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Saturday, September 3, 2016

My Icon Magazine Theater Column August 2016

                                          My Icon  Magazine Theater Column August 2016
   Playwright R. Eric Thomas of Philadelphia’s William Way Community Center is well schooled in local homosexual history. His play, Time is on our Side, skillfully directed by Jarrod Markman, puts much of that history into play in this swift moving story about pod casters Claudia (Brandi Burgess) and Curtis (Carl Clemons-Hopkins) who do an ‘XPN style radio show focusing on gay issues. Brandi, the show’s mega mouth (she likes to cut Curtis off in mid-sentence) discovers her grandmother’s diary with its lesbian references. Curtis is eager to read the diary on air but Brandi protests, citing discretionary issues. Curtis insists on ‘outing’ the diary so that listeners can hear the story of how Claudia grandmother’s marriage was a front that allowed the couple to operate secretly as homosexuals. The play’s many references to historic Philly gay bars and personalities, such as Mary the Hat, is a trip down memory lane. Thomas can be forgiven his few highlighted references to his employer, although the actual dates of the diary, the late 60s and ‘70s, seem a bit too recent to be perceived as anything archival or historic.     

BalletX’s Summer Series 2016 showcased the choreography of Matthew Neenan and Annabelle Lopez Ochoa. These world premier dance pieces were savvy techno lighting projection spectacles creating the illusion of multi dimensional space into which dancers appear and disappear.  Neenan’s piece, Identity Without Attribute, had definite Kraftwerk influences: the repetitious electronic music transformed the dancers into robots. While the Bolero-like repetition of this stuck in the vortex beat was delightful for a few minutes, it soon morphed into a fixed chaotic state without variation, leading ultimately to boredom, much like watching paint dry. While the beauty and agility of BalletX dancers cannot be denied, Identity did not deserve the standing ovation that it received. The second dance, Ochoa’s Bonzi, was much better. This whimsical narrative with dancing doors (and knocking on doors) recalled the films of Federico Fellini and the best of Cirque du Soleil.  Here was BalletX at its best, the story of a salesman (dancer Edgar Anido) who sells something that nobody wants. What happens when Anido is drawn behind the doors he’s knocking on is narrative dance at the highest level.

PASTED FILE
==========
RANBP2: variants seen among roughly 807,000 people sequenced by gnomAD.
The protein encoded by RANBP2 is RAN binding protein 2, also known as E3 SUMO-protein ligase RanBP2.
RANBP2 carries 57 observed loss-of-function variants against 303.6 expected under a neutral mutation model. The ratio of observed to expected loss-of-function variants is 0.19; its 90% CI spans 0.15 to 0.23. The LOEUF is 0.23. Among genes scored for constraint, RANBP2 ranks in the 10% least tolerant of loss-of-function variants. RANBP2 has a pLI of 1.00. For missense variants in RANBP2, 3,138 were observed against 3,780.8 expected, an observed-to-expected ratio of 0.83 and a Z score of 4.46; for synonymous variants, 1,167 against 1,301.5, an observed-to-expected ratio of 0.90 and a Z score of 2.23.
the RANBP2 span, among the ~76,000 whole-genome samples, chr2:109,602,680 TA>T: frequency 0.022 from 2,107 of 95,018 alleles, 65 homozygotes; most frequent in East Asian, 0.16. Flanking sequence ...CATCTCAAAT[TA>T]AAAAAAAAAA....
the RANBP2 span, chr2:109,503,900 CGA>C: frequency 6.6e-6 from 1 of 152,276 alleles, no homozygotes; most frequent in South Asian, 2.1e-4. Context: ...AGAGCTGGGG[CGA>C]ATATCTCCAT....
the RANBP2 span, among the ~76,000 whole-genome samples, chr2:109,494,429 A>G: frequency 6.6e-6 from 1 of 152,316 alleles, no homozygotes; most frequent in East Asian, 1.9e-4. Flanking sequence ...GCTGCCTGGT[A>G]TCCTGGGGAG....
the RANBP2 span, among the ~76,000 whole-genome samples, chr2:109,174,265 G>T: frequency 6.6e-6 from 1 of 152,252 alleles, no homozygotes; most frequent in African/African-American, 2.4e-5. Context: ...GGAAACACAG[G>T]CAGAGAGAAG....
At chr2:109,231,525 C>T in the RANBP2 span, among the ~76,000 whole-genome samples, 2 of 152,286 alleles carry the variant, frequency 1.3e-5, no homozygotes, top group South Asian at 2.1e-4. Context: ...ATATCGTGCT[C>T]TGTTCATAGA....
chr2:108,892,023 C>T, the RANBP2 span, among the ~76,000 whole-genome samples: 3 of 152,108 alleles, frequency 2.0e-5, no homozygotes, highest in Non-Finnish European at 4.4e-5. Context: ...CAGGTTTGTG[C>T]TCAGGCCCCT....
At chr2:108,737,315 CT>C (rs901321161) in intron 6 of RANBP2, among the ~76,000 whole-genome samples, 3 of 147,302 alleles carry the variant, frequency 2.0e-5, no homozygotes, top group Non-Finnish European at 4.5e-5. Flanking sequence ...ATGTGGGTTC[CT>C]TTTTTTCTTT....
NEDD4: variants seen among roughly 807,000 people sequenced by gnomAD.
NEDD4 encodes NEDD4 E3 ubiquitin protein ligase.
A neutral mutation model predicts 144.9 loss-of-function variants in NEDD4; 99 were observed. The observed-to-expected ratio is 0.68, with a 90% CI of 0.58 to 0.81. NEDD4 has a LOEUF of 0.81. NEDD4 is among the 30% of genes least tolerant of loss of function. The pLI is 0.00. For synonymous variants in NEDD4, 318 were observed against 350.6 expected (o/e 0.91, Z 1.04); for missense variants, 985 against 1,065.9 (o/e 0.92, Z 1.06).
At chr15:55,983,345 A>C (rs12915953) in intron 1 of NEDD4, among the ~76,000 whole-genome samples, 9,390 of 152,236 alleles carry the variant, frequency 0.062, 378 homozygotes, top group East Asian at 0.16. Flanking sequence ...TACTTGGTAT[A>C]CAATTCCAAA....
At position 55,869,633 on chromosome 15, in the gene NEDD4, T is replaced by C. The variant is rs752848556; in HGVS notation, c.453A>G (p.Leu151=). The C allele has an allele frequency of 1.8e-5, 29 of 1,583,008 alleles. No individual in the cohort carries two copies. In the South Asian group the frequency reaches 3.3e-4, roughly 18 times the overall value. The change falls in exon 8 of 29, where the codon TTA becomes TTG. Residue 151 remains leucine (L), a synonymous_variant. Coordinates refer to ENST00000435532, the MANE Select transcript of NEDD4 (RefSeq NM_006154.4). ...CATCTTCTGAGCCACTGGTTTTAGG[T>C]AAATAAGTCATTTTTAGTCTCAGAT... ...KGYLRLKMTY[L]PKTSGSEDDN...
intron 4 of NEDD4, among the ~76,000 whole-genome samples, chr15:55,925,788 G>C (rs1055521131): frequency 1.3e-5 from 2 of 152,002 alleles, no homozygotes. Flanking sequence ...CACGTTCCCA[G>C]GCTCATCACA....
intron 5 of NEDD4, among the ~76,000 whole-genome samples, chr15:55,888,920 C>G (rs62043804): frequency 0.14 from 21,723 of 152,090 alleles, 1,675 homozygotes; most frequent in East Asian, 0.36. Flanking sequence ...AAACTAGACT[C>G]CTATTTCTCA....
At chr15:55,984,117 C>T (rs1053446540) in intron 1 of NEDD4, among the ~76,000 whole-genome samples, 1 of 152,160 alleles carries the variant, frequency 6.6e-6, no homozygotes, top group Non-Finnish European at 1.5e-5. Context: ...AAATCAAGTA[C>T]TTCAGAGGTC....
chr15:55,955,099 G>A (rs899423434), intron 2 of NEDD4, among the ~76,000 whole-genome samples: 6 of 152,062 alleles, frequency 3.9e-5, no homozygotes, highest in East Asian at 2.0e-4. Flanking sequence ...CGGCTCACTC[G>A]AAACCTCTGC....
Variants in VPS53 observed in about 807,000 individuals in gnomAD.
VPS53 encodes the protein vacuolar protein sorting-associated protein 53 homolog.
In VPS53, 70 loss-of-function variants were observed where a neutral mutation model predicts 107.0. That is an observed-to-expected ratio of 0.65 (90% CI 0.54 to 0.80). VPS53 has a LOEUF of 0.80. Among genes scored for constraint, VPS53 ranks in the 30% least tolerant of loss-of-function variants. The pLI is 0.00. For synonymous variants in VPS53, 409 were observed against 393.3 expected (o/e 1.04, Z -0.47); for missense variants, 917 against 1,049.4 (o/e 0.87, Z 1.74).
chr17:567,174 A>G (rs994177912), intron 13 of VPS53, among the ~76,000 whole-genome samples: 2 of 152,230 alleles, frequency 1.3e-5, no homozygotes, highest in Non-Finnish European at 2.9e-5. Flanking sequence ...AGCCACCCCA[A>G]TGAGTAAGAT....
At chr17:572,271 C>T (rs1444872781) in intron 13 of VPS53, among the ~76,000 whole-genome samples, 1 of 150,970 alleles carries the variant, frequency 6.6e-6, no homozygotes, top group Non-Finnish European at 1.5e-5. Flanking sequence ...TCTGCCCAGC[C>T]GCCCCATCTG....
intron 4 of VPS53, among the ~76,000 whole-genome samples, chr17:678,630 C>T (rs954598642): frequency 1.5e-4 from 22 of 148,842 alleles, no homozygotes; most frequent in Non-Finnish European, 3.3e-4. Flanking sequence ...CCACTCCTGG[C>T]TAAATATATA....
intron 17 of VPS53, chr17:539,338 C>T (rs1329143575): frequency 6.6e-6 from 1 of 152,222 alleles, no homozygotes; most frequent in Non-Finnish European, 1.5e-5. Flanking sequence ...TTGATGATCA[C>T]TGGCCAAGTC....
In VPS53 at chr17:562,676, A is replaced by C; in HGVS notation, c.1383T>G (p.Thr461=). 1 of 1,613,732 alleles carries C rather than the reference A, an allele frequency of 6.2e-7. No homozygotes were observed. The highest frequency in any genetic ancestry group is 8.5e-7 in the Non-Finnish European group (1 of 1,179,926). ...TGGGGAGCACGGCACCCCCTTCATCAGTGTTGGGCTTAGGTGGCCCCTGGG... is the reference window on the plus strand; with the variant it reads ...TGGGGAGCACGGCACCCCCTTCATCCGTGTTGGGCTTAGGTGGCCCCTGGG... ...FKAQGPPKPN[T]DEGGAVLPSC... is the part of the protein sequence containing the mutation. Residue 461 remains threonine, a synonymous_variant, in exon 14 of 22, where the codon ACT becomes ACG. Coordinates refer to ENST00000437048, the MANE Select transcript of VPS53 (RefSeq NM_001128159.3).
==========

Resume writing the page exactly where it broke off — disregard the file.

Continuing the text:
Founding Artistic Director of New City Stage Company Ginger Dayle says the play Roseburg is really an ongoing political conversation about gun control, “whether you’re pro or anti restricting these weapons.”  Written by Dayle and the Voices for a New City Ensemble, Roseburg is one play written by committee that works. This compelling yet overlong narrative presents two case scenarios, the events leading up to Robert F. Kennedy’s 1968 assassination and a 2015 school shooting in Oregon by Christopher Harper-Mercer, played to the creepy hilt by Jackie DiFerdinado who takes us inside the Asberger’s tortured teen as he thrashes about in psychological pain while telling his mom, Laurel Harper (Kayla Tarpley) that cockroaches are attacking him in his bedroom. Russ Widdall as RFK gets the Boston accent right even as he recites long passages from the senator’s early speeches in support of gun control. Widdall also illuminates RFK’s  bumbling side, or his goofy tendency to find any excuse—“I have to watch the kids”—in order to evade his serious as stone, nitpicking speechwriter, Richard N. Goodwin (Joshua Tewell), who’s always chasing him down with script changes. RFK bodyguard Rosey Grier (Andre M. Evers) adds a biracial element to this innovative production in which both arguments of the gun control debate are presented intelligently and fairly.    “We recently rewrote our mission to focus on political theater and that refers to more than just political figures but the politics of everyday life,” Dayle has said of her work. 

   Be sure to catch the 2nd Annual Philadelphia Women’s Theatre Festival at the U of Arts Ira Brind School of Theater Arts. Plays like Molly’s Hammer by Tammy Ryan, about a Pittsburgh housewife who stood alongside Daniel and Philip Berrigan in King of Prussia when the group, known as Plowshares 8, took hammers to the nosecones of nuclear weapons. Then there’s Simone by Amanda Coffin, about intellectual existentialist philosopher, Simone Beauvoir, who saw nothing existentially wrong about procuring young female lovers for her partner, Jean Paul Sartre. (